Recognizing the unique vulnerabilities of immigrants who become victims of crime in the United States, Congress enacted the U visa, a form of immigration relief that provides victims, including survivors of domestic violence, a path to legal status. Along with this humanitarian aim, the U visa was intended to aid law enforcement in efforts to investigate and prosecute crime, based on the notion that victims without legal status might otherwise be too fearful to “come out of the shadows” by reporting offenses to the police. Although these two goals were purportedly coequal, in practice, by requiring survivors to cooperate with law enforcement in order to obtain U nonimmigrant status, the benefits to police and prosecutors are achieved at the expense of the victims Congress sought to protect, exacerbating the very vulnerabilities the U visa was intended to address.
This article posits that this marginalization of immigrant victims’ interest should have been foreseen, as U visa requirements are analogous to other mandatory interventions in cases of domestic violence that have disempowered and destabilized survivors, particularly poor women of color. In tracing the history of the public response to domestic violence, from the time when spousal abuse was ignored or condoned to the overcorrection that has led to compulsory state involvement in women’s lives, it becomes clear that the U visa has perpetuated the swing of the pendulum away from victim autonomy and toward an aggressive criminal justice response to domestic violence. This article details why such a shift is particularly damaging for immigrant survivors – due to language barriers, complicated relationships with police, familial ties and economic constraints – and proposes novel solutions that mitigate the harmful effects of the U visa certification requirement and break away from ineffective conventions surrounding assistance for survivors of domestic violence.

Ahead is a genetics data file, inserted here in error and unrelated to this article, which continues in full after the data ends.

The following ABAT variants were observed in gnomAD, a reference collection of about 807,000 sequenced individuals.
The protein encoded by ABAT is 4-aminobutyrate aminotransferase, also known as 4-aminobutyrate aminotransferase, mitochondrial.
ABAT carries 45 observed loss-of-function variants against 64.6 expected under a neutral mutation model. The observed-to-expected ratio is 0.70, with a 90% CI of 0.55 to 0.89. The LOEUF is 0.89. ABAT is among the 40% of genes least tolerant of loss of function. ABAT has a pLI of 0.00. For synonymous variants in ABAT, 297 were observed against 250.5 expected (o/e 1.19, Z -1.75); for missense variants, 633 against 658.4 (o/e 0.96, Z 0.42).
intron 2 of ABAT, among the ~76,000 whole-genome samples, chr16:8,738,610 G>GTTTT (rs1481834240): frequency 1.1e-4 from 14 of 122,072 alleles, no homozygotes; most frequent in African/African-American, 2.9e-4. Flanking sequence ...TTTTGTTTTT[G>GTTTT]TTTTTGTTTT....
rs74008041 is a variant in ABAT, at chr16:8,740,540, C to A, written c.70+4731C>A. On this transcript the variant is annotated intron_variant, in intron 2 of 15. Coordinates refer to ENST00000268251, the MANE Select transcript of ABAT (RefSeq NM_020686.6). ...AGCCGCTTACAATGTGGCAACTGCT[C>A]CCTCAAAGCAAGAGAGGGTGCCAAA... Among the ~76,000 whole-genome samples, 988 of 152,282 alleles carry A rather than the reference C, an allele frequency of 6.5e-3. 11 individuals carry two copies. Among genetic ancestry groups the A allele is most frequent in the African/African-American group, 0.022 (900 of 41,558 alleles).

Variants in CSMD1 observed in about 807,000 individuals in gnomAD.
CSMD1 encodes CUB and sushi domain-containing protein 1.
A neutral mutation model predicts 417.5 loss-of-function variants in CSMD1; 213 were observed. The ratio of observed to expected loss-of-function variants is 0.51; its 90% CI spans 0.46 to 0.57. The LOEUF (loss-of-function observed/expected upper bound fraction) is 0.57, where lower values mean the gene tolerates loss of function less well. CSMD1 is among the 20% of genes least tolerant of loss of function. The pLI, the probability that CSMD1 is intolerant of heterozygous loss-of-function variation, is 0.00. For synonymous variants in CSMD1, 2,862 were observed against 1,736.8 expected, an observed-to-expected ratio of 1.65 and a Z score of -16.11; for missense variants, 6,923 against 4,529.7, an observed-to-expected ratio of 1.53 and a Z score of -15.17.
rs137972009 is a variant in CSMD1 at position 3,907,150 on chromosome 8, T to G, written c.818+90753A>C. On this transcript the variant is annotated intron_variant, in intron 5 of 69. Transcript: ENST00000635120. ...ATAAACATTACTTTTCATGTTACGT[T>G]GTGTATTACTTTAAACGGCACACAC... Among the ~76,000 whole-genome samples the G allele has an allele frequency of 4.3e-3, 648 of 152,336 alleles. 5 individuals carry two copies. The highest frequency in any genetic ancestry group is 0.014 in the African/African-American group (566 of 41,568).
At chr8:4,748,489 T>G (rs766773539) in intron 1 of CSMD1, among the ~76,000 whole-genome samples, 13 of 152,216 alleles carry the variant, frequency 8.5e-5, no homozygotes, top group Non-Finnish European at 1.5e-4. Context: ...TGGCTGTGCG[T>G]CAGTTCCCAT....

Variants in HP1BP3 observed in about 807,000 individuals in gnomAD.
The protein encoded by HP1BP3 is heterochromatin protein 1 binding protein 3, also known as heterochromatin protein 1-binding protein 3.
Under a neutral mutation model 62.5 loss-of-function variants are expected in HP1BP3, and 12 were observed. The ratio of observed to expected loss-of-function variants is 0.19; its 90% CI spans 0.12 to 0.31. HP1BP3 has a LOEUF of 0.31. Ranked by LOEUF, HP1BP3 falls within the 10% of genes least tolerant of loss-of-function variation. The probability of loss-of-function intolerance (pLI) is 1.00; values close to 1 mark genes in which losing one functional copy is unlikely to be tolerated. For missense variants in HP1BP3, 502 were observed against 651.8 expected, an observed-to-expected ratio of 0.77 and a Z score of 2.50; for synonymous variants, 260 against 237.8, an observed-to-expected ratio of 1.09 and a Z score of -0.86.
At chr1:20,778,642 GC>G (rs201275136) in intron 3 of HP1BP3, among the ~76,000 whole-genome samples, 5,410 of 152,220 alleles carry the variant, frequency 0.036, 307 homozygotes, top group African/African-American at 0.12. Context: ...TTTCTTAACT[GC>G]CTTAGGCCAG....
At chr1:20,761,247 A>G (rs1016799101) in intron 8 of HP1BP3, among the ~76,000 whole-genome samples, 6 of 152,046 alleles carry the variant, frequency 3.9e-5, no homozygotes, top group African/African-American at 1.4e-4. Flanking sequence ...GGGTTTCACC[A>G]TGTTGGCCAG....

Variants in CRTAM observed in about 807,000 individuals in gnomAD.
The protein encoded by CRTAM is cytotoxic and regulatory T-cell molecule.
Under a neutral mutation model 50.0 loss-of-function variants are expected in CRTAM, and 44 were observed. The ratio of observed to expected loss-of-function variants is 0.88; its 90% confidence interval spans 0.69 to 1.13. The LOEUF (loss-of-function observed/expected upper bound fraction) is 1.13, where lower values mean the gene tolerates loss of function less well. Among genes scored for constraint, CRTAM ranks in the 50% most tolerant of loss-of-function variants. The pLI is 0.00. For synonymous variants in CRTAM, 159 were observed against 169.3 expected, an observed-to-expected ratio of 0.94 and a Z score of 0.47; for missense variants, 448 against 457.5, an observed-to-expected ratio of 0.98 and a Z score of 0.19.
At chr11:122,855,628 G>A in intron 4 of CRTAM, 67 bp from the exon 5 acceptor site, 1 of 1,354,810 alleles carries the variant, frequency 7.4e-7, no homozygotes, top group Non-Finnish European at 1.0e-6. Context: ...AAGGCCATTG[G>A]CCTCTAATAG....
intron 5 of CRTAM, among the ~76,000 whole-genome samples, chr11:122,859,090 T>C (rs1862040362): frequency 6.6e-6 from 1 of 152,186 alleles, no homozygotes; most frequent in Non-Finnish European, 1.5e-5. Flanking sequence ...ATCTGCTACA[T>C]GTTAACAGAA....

Yale Journal of Law & Feminism
Natalie Nanasi, The U Visa's Failed Promise for Survivors of Domestic Violence, 29 Yale J.L. & Feminism 273 (2018)